It’s been a year now since I became a vegetarian. After years of debating it with myself and others, I decided back then that I didn’t want to go through life without at least trying to be a vegetarian. I have vegan and vegetarians friends and I’d seen scores of documentaries that made good arguments in favor. It was something that I had debated in my head for a long time, so I decided to give it a year. Just to try it. It turned out to exceed all my expectations in how it would change me physically and spiritually. I would like to now share my reflections.
Once you are on the other side, it is hard to go back
Before I went full blown vegetarian, I ate meat for time to time. I was conflicted about it but there were moments, especially when I had consumed alchohol, when these doubts were more easily overcome. Even during my first months as a vegetarian, I did not feel entirely committed. I still viewed it as a temporary experiment. But as more time past since I last ate meat, it lost more of its attractiveness. Now I can barely imagine eating a steak, which used to be my favorite meal. Putting down nearly a pound of red meat? I think I would vomit. This revulsion partly comes from the texture but it is also about fully internalizing that I am eating another animal’s flesh. I have also seen so many videos of the entire process that I know the full truth behind meat production. And now that I don’t eat meat, the moral outrage that those videos provoke is even greater. When I used to watch them, my mind raced to justify my meat consumption. Now that I am on the other side, I have no interest in going back.
It gives greater meaning to your daily choices
Being a vegetarian is hard, and it requires discipline and fortitude. Any time you go out to look for food, you have to have your defenses up. For example, asking for a vegetarian option? Make sure they don’t add chicken or tuna, even if they say “hey – that’s not meat!” In order to have the energy and the patience to deal with this, you learn to keep at the front of your mind the dark side of meat consumption: animal suffering, environmental degradation, naturalization of violence and poor human health. Each time you avoid meat, you are helping to create a better world. Sometimes all the evil in the world can overwhelm us, but there are small, daily battles to be fought to give you a feeling of winning.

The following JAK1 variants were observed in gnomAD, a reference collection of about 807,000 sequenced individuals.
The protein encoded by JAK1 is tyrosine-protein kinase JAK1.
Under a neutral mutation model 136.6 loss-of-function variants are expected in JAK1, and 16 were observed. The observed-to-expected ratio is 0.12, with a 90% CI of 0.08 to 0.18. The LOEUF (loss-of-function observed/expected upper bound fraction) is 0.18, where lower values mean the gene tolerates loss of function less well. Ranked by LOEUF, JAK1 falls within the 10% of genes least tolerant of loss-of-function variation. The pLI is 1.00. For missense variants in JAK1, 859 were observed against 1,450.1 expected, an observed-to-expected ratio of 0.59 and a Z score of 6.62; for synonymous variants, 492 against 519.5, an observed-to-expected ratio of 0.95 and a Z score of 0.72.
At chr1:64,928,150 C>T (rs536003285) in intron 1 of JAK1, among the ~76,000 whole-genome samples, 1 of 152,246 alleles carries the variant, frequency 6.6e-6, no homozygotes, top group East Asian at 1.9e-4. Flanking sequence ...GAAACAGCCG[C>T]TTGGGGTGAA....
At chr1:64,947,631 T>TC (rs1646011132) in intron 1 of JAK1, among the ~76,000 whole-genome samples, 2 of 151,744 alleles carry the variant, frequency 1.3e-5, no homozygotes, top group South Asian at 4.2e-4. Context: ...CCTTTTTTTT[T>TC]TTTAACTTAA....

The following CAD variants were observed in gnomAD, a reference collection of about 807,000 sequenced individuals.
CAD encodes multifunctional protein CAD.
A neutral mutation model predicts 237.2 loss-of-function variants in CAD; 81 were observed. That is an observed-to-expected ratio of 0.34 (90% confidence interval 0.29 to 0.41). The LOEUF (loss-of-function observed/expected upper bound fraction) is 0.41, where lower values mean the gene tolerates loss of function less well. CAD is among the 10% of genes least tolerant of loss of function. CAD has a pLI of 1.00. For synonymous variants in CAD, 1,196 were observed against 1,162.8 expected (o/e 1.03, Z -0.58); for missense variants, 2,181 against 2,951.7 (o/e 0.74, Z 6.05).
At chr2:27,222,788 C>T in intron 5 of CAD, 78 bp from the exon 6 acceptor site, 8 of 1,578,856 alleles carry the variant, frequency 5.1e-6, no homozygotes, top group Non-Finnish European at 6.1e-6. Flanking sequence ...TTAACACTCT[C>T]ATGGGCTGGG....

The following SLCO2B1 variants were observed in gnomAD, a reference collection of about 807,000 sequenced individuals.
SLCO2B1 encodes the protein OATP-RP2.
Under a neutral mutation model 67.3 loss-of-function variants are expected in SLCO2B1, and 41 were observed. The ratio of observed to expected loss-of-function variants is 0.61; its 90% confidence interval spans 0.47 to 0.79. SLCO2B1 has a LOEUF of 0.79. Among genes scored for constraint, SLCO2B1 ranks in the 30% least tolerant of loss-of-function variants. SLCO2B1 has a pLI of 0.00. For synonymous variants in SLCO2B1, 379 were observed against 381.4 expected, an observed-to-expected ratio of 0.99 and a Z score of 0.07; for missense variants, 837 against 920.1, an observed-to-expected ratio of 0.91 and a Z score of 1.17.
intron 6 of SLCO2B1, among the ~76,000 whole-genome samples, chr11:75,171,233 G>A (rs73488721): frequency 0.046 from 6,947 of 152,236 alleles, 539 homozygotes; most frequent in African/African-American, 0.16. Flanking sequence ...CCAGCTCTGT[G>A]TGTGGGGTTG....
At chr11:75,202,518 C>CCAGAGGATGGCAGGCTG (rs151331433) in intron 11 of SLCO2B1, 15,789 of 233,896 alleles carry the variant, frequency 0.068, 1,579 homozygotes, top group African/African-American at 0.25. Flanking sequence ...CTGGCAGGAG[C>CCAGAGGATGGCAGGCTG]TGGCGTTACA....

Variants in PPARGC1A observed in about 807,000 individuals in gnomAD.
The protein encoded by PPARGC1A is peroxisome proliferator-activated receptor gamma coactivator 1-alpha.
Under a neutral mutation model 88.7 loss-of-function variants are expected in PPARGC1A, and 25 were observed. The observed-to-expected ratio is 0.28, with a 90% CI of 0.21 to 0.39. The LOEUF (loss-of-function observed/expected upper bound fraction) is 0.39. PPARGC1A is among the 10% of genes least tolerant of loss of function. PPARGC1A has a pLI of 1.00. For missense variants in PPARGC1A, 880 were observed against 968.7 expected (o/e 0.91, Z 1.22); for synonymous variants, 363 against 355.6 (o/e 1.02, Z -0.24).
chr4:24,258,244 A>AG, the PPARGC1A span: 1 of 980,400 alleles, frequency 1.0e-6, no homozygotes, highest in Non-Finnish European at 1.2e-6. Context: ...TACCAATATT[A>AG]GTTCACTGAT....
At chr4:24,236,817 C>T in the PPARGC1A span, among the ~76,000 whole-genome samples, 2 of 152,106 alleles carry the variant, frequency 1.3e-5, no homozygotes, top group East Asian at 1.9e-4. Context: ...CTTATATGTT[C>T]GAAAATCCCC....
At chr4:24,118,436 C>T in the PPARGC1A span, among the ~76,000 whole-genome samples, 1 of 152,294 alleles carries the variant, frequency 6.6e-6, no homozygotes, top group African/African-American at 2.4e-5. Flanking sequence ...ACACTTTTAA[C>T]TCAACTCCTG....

Social pressure and money are not excuses
For me, coming out to my family as a vegetarian was probably the most difficult part. I was sure I wanted to be one but I knew there would be backlash from my siblings and parents. I come from a classic meat-and-potatoes home. My mother mother’s meals, which were always delicious, followed a simple pattern: chicken or beef or pork, starch, vegetable or salad. My mom comes from a farming family, cattle ranching specifically, so the idea of not eating meat is almost sacrilegious. I was worried what might happen at a Christmas dinner, where my grandmother or mother had spent all day preparing something special. I dreaded that moment where the whole family would hear my rejection of the food and then I would begin to be bombarded with questions and jokes. Well, this moment did actually come to pass and it was not as bad as I had imagined it. Something amazing happened after, which is that over time my family has come to accept it without condescending comments. At this point it is not even an issue anymore.
Money is also not really something to worry about. You hear all the time that being vegetarian is really expensive. Sometimes, yes, it will be more expensive to go with or find a vegetarian option. Other times, no though. Frequently the vegetarian dishes on a menu are cheaper than the options with meat. It is a good idea to remind yourself that the more people who become vegetarian, the cheaper it will become. So every time you buy vegetarian, you are making it easier for everyone who comes after you. It is an investment in the lifestyle. And it is also an investment in your health. Vegetarians eat more fruit and vegetables than omnivores and are on average less likely to be overweight. Spending money on good food now means avoiding a bunch of incredibly destructive conditions later in life, such as heart disease and diabetes. Those treatments are expensive. So if your food choices help you to avoid these “diseases of affluence”, you will actually save money in the long run.
Don’t be a Nazi about it
This piece of advice goes for your interactions with others and with yourself. I strongly believe it is better not think in black-and-white terms. It is not about being 100% vegetarian or not. Keep in mind: the goal is to reduce animal suffering and environmental destruction. If me being obsessed with my moral purity turns others off of the lifestyle, then in the grand scheme of things I am actually perpetuating meat consumption. The lifestyle needs to be attractive. Rather than pursuing individual moral purity, the strategy ought to be to convince everyone in our orbit to reduce their consumption. Inform rather than judge. Share your food. Talk about how it makes you feel. The ethics and facts behind vegetarianism are powerfully seductive. However most people are swamped with conflicting information. We only need to set them down the path. They will make the discoveries for themselves.
Being vegetarian has been such a good experience, that now after one year I cannot imagine going back to eating meat. Sure I could do it if someone dared me or payed me a thousand dollars, but animal flesh is not something that really interests me anymore. In fact, I am now trying to move towards becoming vegan. I hope in a year more to share my reflections on that experience as well.
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